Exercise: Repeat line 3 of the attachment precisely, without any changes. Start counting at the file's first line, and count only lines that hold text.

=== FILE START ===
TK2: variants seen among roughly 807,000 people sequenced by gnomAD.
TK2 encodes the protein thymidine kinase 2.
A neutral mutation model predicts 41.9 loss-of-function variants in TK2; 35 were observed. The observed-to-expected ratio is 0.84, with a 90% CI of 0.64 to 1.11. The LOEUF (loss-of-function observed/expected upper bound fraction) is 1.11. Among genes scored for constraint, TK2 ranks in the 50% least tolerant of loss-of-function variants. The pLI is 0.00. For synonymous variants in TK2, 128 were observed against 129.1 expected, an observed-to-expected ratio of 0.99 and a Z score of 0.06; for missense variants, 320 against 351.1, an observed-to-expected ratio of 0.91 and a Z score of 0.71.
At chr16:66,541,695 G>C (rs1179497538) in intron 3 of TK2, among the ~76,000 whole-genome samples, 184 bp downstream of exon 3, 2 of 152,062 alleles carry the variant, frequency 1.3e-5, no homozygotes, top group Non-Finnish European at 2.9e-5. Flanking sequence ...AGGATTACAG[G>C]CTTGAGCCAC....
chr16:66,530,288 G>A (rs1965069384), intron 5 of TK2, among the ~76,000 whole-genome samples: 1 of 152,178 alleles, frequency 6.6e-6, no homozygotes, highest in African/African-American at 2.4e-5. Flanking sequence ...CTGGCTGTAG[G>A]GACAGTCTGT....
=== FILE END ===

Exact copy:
A neutral mutation model predicts 41.9 loss-of-function variants in TK2; 35 were observed. The observed-to-expected ratio is 0.84, with a 90% CI of 0.64 to 1.11. The LOEUF (loss-of-function observed/expected upper bound fraction) is 1.11. Among genes scored for constraint, TK2 ranks in the 50% least tolerant of loss-of-function variants. The pLI is 0.00. For synonymous variants in TK2, 128 were observed against 129.1 expected, an observed-to-expected ratio of 0.99 and a Z score of 0.06; for missense variants, 320 against 351.1, an observed-to-expected ratio of 0.91 and a Z score of 0.71.